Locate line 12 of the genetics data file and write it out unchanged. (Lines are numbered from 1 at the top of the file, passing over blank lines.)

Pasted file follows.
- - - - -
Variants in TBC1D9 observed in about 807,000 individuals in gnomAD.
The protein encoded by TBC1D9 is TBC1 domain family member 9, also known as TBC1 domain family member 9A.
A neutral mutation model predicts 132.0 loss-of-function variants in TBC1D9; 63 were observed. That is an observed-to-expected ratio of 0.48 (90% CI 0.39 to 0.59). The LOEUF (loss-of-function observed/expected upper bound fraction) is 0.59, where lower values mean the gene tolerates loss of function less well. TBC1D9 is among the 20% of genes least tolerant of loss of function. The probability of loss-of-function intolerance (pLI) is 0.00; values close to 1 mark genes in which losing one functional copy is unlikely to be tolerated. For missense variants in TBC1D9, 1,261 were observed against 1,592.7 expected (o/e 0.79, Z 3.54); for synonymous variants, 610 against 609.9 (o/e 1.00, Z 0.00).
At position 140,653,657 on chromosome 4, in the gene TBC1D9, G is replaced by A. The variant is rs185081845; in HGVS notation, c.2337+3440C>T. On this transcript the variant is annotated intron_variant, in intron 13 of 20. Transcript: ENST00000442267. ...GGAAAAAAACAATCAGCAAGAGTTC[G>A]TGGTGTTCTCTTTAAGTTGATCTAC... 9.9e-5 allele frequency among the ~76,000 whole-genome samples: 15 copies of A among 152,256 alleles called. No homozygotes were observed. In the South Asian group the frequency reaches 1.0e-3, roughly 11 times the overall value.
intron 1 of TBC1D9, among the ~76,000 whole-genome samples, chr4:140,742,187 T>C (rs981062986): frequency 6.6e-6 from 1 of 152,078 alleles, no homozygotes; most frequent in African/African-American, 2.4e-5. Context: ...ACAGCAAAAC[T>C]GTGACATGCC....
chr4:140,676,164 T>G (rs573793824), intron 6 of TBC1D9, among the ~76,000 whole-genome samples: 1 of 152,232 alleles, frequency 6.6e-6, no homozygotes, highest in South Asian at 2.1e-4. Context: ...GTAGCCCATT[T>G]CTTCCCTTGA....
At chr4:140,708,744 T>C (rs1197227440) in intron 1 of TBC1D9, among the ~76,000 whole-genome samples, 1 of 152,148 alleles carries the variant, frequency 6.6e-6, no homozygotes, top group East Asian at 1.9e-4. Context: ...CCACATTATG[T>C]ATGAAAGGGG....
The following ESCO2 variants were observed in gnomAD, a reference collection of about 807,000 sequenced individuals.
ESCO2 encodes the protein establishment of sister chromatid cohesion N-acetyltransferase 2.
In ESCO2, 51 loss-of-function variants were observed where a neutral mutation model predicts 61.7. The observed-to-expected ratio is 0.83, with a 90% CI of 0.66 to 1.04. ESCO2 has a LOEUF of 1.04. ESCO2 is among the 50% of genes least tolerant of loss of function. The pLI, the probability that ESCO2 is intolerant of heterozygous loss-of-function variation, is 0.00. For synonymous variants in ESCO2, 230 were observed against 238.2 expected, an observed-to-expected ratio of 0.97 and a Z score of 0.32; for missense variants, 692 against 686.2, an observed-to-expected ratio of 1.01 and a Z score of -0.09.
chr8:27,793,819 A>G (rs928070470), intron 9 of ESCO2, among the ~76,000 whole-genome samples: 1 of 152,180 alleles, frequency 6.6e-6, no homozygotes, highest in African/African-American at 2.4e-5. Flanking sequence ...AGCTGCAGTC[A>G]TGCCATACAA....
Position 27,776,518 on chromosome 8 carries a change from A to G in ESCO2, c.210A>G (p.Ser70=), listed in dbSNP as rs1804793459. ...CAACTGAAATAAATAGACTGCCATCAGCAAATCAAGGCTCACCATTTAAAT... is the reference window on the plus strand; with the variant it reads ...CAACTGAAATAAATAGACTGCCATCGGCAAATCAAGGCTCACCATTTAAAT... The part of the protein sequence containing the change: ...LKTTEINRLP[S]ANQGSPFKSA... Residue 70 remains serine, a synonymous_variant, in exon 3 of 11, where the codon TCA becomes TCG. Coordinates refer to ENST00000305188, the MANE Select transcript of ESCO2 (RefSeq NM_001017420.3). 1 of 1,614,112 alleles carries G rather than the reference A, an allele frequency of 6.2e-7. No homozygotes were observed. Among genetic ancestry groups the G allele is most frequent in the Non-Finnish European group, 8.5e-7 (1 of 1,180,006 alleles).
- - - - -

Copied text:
Position 27,776,518 on chromosome 8 carries a change from A to G in ESCO2, c.210A>G (p.Ser70=), listed in dbSNP as rs1804793459. ...CAACTGAAATAAATAGACTGCCATCAGCAAATCAAGGCTCACCATTTAAAT... is the reference window on the plus strand; with the variant it reads ...CAACTGAAATAAATAGACTGCCATCGGCAAATCAAGGCTCACCATTTAAAT... The part of the protein sequence containing the change: ...LKTTEINRLP[S]ANQGSPFKSA... Residue 70 remains serine, a synonymous_variant, in exon 3 of 11, where the codon TCA becomes TCG. Coordinates refer to ENST00000305188, the MANE Select transcript of ESCO2 (RefSeq NM_001017420.3). 1 of 1,614,112 alleles carries G rather than the reference A, an allele frequency of 6.2e-7. No homozygotes were observed. Among genetic ancestry groups the G allele is most frequent in the Non-Finnish European group, 8.5e-7 (1 of 1,180,006 alleles).